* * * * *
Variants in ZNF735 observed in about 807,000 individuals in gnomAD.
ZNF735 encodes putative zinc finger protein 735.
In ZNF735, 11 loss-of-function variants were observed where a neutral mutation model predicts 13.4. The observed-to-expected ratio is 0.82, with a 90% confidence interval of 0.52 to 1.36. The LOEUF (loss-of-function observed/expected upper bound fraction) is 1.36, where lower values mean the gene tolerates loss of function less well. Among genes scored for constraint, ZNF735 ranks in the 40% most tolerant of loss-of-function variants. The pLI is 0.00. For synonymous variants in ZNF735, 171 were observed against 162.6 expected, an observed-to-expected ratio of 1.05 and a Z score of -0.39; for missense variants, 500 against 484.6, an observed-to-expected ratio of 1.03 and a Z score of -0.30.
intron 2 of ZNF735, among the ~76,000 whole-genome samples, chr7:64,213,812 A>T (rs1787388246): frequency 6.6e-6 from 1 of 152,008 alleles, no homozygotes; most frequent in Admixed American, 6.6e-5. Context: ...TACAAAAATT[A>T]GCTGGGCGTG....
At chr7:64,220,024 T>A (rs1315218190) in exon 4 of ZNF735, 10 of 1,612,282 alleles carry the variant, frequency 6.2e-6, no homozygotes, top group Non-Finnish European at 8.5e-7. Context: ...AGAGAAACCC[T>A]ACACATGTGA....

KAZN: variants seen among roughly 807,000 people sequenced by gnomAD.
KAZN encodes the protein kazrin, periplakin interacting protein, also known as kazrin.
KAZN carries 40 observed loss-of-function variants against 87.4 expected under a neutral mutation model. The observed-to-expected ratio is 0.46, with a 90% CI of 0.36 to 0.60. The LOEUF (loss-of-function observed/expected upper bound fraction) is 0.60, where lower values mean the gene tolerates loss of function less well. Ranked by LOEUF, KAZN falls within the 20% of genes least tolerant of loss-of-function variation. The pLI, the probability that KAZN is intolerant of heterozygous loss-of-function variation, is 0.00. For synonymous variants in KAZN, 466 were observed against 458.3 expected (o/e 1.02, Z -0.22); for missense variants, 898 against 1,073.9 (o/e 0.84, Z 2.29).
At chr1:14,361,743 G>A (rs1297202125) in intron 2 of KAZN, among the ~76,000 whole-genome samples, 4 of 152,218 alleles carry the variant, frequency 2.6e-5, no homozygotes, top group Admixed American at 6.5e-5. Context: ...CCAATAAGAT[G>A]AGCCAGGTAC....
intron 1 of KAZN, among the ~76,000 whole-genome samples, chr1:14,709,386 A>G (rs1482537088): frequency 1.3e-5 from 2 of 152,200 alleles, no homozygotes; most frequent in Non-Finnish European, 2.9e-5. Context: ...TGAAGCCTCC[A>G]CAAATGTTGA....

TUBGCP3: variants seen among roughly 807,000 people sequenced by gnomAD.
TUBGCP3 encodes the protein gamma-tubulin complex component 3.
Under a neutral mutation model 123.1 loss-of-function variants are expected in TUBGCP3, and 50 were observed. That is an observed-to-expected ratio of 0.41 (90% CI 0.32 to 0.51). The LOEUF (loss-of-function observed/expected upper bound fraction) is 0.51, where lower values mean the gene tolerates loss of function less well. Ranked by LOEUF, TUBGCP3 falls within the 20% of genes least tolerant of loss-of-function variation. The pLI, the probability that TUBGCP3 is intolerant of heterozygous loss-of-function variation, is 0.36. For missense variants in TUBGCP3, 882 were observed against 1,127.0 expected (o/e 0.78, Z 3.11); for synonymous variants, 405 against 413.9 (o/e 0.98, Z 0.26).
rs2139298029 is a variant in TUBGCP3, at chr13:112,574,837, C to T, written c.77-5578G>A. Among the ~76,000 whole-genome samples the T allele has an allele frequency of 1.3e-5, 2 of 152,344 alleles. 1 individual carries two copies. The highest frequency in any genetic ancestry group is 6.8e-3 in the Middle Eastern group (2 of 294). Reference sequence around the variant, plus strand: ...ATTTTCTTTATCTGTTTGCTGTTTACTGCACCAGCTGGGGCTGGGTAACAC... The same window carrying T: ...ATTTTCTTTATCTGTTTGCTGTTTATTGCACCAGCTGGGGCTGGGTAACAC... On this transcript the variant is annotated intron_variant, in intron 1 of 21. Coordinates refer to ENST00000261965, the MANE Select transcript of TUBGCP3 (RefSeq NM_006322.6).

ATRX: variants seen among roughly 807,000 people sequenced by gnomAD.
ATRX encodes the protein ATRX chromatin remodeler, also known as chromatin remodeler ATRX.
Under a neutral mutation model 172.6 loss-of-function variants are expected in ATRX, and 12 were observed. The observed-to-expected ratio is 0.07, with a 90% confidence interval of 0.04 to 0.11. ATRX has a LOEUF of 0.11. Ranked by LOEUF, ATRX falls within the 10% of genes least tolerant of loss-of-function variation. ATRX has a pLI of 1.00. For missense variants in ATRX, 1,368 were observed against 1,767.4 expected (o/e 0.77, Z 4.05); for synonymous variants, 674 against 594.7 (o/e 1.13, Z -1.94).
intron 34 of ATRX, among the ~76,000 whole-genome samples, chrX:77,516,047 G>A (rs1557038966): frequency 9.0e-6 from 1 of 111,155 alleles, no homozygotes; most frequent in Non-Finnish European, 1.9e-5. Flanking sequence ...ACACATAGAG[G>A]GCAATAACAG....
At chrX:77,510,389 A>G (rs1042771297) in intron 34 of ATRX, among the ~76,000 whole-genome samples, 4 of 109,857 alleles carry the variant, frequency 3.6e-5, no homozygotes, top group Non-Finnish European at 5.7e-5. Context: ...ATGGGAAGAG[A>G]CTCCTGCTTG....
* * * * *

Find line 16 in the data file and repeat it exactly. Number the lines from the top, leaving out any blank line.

ATRX encodes the protein ATRX chromatin remodeler, also known as chromatin remodeler ATRX.